Well, it’s official: Jim Harbaugh is off to coach at the University of Michigan, ending a successful if stormy tenure as head coach of the San Francisco 49ers.
Harbaugh’s departure – or dismissal, the breakup may not have been mutual – proves what I have long suspected about the workplace: It’s less about what you do than how well you relate to the boss. Sure, the 49ers had a mediocre season (8-8) that kept them out of the playoffs for the first time in three years. But if mediocrity or worse were the real standard, Tom Coughlin wouldn’t be staying on as coach of the New York Giants. And Rex Ryan would’ve been gone from the New York Jets years ago. Instead he and Harbaugh are both exiting at the same time.
There’s also been talk that Harbaugh “lost the locker room,” particularly in his eagerness to get rid of former Niners’ quarterback Alex Smith. But it was clear after the team’s 20-17 victory over the Arizona Cardinals that the Niners went all out to win one for the Gipper, so to speak – to end their season and Harbaugh’s tenure on a high note. Nor would a team led by a temperamental coach who is said to be even more emotional in the clubhouse be likely to award that coach the game ball or shower him with ice water after the game if the members weren’t fond of him. Football players are not actors.
No, the people who work for you can’t cost you your job unless there’s total failure or mutiny. The people you work for – that’s something else. Perhaps Harbaugh proved too independent or too egotistical. Hey, maybe owner Ted York or general manager Trent Baalke just grew to dislike him and saw an opportunity at last to remove him.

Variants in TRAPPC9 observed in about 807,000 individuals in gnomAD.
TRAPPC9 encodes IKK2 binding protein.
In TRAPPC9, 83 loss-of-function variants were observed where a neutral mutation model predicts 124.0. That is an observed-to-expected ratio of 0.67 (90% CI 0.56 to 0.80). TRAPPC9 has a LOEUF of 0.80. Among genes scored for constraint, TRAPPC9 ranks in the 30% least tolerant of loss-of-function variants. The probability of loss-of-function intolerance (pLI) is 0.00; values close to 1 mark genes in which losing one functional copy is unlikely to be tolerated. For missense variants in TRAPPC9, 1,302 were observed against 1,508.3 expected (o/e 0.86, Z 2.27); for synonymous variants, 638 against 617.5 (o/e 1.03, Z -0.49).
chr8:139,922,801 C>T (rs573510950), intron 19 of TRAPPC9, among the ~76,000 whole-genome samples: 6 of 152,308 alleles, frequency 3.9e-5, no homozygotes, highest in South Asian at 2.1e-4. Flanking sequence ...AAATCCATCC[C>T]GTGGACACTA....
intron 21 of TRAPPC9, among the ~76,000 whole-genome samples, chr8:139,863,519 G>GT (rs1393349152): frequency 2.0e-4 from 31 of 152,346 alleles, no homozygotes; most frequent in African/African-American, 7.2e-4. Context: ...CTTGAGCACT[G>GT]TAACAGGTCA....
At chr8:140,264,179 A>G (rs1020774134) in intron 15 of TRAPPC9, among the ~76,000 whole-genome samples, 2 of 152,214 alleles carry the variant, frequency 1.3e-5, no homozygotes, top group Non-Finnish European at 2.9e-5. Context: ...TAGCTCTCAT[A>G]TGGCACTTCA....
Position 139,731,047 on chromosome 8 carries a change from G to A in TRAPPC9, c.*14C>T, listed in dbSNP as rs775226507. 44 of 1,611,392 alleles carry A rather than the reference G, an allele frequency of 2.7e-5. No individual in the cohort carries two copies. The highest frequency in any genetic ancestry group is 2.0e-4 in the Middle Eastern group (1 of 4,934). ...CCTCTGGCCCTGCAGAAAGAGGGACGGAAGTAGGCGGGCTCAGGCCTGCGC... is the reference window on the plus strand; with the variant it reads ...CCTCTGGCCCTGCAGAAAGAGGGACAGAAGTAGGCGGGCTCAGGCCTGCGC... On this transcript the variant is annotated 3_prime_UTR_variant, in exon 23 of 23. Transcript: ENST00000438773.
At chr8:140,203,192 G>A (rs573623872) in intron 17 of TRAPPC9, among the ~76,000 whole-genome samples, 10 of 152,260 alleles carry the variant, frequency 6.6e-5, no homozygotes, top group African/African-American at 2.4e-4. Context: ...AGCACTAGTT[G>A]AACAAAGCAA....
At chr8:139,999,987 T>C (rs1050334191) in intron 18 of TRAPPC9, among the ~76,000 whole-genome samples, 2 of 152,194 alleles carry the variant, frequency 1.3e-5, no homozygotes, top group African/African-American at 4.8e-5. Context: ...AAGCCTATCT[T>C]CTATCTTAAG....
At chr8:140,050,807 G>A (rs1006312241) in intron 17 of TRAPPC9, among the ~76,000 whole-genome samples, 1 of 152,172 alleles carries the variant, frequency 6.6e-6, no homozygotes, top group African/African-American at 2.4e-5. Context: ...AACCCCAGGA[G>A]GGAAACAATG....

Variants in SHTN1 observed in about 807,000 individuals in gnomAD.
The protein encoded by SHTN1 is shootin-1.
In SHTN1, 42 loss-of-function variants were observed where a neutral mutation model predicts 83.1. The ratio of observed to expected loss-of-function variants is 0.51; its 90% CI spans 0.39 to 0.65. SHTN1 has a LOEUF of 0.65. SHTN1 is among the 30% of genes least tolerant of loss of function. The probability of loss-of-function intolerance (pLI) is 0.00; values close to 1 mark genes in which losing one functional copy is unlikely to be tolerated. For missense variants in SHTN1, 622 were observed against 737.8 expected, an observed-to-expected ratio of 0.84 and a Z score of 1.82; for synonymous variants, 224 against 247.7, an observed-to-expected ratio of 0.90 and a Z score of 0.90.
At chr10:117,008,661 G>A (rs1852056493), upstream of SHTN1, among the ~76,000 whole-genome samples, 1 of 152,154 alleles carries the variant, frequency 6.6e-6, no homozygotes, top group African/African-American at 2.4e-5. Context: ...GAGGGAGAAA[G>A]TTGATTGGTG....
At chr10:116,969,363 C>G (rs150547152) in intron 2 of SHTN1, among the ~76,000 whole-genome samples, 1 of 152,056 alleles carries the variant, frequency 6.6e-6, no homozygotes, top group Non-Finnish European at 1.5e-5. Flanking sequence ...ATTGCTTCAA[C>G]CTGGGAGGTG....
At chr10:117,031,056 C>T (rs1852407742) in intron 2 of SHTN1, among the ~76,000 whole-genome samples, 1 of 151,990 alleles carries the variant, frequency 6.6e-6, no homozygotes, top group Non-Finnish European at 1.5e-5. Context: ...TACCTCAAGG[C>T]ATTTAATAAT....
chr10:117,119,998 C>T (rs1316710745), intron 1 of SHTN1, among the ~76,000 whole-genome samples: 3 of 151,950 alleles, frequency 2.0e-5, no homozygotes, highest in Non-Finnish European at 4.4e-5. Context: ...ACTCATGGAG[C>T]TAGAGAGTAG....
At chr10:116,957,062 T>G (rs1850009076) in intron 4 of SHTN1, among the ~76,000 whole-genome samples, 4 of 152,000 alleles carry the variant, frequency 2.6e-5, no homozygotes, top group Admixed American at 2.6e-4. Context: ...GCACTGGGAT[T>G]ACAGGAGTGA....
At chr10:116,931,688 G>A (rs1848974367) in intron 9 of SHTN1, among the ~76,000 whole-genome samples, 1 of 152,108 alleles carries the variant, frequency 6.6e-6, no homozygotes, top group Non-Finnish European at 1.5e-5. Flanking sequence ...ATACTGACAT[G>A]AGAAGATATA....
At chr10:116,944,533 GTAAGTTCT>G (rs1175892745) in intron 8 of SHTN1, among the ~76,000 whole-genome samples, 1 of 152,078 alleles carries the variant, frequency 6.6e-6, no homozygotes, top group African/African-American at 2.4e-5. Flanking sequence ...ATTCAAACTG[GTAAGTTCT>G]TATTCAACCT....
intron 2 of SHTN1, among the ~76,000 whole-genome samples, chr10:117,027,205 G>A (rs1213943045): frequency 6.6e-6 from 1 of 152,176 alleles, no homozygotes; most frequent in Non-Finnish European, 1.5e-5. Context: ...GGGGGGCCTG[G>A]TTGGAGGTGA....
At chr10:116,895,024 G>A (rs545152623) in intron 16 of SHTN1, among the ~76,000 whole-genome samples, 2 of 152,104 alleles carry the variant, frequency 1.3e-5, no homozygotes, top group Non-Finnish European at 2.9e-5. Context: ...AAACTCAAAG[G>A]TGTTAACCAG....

You need to get along with your boss, but you can’t be tied to a boss either lest you risk being swept out with him or her. That’s the problem facing Colin Kaepernick, handpicked by Harbaugh to replace Smith even after Smith returned from a concussion in 2012. It was interesting to watch Kaepernick’s post-game conference, in which he was both heartfelt and cagey. It was apparent from his remarks – which while never effusive were nonetheless articulate – that he and Harbaugh shared a father-son relationship and that he’ll always feel an affectionate admiration for him and gratitude for what Harbaugh has done for him. (He’s said as much on Instagram.) But when he was asked if he spoke to management on Harbaugh’s behalf, Kaepernick demurred. He said that was not his job.
People forget that football is a job, a glamorous one but a job nonetheless. My upcoming novel, “The Penalty for Holding,” is very much about the workplace and football as a workplace where New York Templars’ star quarterback Quinn Novak soon runs afoul of coach Pat Smalley and discovers that even excellence isn’t good enough.